The amine compound is exemplified by primary amines such as 1,3-diaminopropane (DAP: solubility parameter=14.6 (cal/cm3)1/2), 2-aminoethanol (MEA: solubility parameter=14.3 (cal/cm3)1/2), DL-2-amino-1-propanol (AP: solubility parameter=13.3 (cal/cm3)1/2), 2-(2-aminoethoxy)ethanol (AEE: solubility parameter=12.7 (cal/cm3)1/2), and (R)-4-amino-2-methyl-1-butanol (AMB); secondary amines such as 2-(methylamino)ethanol (MAE), 2-(ethylamino)ethanol (EAE), and 2-(butylamino)ethanol (BAE); and tertiary amines such as triethanolamine (TEA), N-methyldiethanolamine (MDEA), tetramethylethylene diamine (TEMED), pentamethyldiethylene triamine (PMDETA), hexamethyltriethylene tetramine, and bis(2-dimethylaminoethyl) ether.

The organic solvent is exemplified by 1-butanol (solubility parameter=11.3(cal/cm3)1/2), 1-pentanol (solubility parameter=11.0(cal/cm3)1/2), octanol, diethylene glycol diethyl ether (DEGDEE), and diethylene glycol dimethyl ether (DEGDME). Two or more kinds of them may be used in a combined manner.

If each of the amine compound and the organic solvent has the solubility parameter within a predetermined range, the treatment liquid upon absorbing the acidic compound will be separated into an acidic compound-rich phase and an acidic compound-deficient phase. The solubility parameter is given by equation (1) below.


[Math. 1]


δ=√{square root over ((ΔH−RT)/V)}   (1)

ΔH represents molar latent heat of vaporization, R represents the gas constant, T represents absolute temperature, and V represents molar volume. The solubility parameter of EAE and MAE as the amine compounds, and DEGDME as the organic solvent, calculated using equation (1) are found to be 10.94, 11.58 and 7.75, respectively.

TABLE 1 Organic solvent/ Solubility parameter Solubility parameter [cal/cm3)1/2] difference/Two-phase 1-butanol 1-pentanol DEGDEE separation capability 11.3 11.0 8.2 Amine DAP 14.6 3.3 3.6 6.5 compound/ Good Good Not mixed Solubility MEA 14.3 3.0 3.3 6.1 parameter Good Good Not mixed [cal/cm3)1/2] AP 13.3 2.0 2.3 5.1 Good Good Not mixed AEE 12.7 1.4 1.7 4.5 Good Good Not mixed MAE 12.5 1.2 1.5 4.4 Good Good Not mixed EAE 12.0 0.7 1.0 3.8 Not separated Not separated Good AMB  8.8 −2.5 −2.2 0.6 Not separated Not separated Not separated

As summarized in Table 1, the treatment liquid separates, upon absorbing the acidic compound, into the acidic compound-rich phase and the acidic compound-deficient phase, when the absorbent (treatment liquid) containing water, amine compound and organic solvent, is based on a combination of the amine compound and the organic solvent, properly selected so as to give a difference, remained after subtracting the solubility parameter of the organic solvent from the solubility parameter of the amine compound, of 1.1(cal/cm3)1/2 or larger and 4.2(cal/cm3)1/2 or smaller. If the solubility parameter is smaller than the lower limit value, the treatment liquid would not separate into two phases, upon absorbing the acidic compound. Meanwhile, if the solubility parameter exceeds the upper limit value, the treatment liquid would separate into two phases, before absorbing the acidic compound. This would destabilize uniform contact between the treatment liquid and the gas to be treated containing the acidic compound, in the process where the treatment liquid is brought into contact with the gas to be treated containing the acidic compound, and would degrade the absorption efficiency. “Good” in Table 1 means that the treatment liquid remains in a single liquid phase before absorbing carbon dioxide, and separates into two phases upon absorbing carbon dioxide. “Not mixed” in Table 1 means that the treatment liquid remained in two liquid phases before absorbing carbon dioxide, and did not form a single liquid phase. “Not separated” in Table 1 means that the treatment liquid remained in a single liquid phase, even after absorbing carbon dioxide.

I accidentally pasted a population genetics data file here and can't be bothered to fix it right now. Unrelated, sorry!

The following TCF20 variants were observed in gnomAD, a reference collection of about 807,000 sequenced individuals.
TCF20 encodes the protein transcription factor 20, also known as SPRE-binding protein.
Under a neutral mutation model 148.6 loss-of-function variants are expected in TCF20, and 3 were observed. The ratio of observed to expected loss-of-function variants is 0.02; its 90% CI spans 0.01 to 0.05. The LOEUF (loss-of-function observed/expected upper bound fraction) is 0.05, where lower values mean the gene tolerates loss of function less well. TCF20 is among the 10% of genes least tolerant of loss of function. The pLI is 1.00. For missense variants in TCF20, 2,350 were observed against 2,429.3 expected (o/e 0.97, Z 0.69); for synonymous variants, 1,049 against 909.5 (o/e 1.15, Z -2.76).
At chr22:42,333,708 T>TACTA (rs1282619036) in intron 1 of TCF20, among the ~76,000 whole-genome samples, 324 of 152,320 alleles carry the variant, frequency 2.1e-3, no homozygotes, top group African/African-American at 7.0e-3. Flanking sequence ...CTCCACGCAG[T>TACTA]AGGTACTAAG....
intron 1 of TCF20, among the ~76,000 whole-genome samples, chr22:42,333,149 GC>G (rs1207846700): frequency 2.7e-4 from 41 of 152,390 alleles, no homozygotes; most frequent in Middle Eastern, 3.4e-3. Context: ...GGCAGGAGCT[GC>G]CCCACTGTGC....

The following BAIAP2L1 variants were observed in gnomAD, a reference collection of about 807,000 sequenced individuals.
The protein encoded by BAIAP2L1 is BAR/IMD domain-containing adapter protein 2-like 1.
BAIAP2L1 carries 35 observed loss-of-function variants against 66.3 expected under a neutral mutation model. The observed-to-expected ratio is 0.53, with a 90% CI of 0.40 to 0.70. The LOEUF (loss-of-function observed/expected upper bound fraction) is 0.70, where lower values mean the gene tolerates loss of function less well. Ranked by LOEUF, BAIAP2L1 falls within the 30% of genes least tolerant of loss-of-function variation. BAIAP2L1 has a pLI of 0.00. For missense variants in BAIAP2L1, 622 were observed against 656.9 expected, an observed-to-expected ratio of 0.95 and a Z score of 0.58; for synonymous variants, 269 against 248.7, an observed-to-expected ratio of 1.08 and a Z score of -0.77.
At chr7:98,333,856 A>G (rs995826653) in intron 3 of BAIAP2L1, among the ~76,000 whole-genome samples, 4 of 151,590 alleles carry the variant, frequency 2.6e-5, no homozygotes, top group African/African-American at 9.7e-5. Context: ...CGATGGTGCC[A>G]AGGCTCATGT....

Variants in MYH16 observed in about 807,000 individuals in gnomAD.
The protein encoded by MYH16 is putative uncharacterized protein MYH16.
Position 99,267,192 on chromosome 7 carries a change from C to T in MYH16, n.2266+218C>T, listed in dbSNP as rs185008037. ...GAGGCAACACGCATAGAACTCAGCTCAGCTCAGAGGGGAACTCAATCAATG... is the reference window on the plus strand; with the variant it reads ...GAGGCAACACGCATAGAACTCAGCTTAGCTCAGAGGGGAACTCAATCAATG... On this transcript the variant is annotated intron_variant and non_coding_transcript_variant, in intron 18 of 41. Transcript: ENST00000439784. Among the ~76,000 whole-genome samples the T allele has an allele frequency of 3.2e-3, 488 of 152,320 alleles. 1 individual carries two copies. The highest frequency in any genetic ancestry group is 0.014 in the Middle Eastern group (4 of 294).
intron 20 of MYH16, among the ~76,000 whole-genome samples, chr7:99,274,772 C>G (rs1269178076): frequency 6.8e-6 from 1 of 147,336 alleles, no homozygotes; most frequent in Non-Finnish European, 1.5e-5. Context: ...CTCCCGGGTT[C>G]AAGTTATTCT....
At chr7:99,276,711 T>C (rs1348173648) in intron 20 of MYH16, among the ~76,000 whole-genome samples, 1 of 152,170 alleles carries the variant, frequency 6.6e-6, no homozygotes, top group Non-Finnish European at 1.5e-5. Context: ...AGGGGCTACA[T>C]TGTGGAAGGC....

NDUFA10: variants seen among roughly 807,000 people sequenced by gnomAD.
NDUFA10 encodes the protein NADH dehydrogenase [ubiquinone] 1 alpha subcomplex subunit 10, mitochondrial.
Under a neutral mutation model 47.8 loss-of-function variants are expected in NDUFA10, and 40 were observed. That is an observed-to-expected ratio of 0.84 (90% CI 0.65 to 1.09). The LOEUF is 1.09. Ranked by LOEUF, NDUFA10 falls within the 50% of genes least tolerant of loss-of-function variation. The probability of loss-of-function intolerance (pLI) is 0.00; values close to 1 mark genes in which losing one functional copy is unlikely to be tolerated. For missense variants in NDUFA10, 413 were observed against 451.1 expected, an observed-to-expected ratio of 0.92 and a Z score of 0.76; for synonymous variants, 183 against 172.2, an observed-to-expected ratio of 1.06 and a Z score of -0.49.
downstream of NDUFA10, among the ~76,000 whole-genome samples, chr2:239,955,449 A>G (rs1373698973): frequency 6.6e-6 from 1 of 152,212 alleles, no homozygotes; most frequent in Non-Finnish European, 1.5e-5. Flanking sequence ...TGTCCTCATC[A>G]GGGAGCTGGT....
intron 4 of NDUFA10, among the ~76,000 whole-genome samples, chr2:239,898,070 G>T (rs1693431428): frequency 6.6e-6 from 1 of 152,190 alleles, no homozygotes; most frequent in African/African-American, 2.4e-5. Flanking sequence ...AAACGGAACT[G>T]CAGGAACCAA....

Absorption conditions in the absorber 12 are preferably adjusted so as to make the treatment liquid remain in two liquid phases and can dissolve therein much carbon dioxide, and regeneration conditions in the regenerator 14 are preferably adjusted so as to make the treatment liquid inseparable into two liquid phases, and can dissolve therein less carbon dioxide. That is, the absorption and regeneration conditions are adjusted, depending on partial pressure of carbon dioxide, absorption temperature and regeneration temperature. This makes the treatment liquid more easily cause phase separation, and can thereby reduce difference between the regeneration temperature and the absorption temperature. In other words, the invention makes use of shift of concentration equilibrium of carbon dioxide absorption, caused by changes in the degree of absorption of carbon dioxide depending on temperature, and consequently by changes in easiness of phase separation. Hence, it becomes possible to suppress the difference between the regeneration temperature and the absorption temperature to a low level. In addition, with the gas hardly soluble to the treatment liquid fed into the regenerator 14, the difference between the regeneration temperature and the absorption temperature may further be narrowed.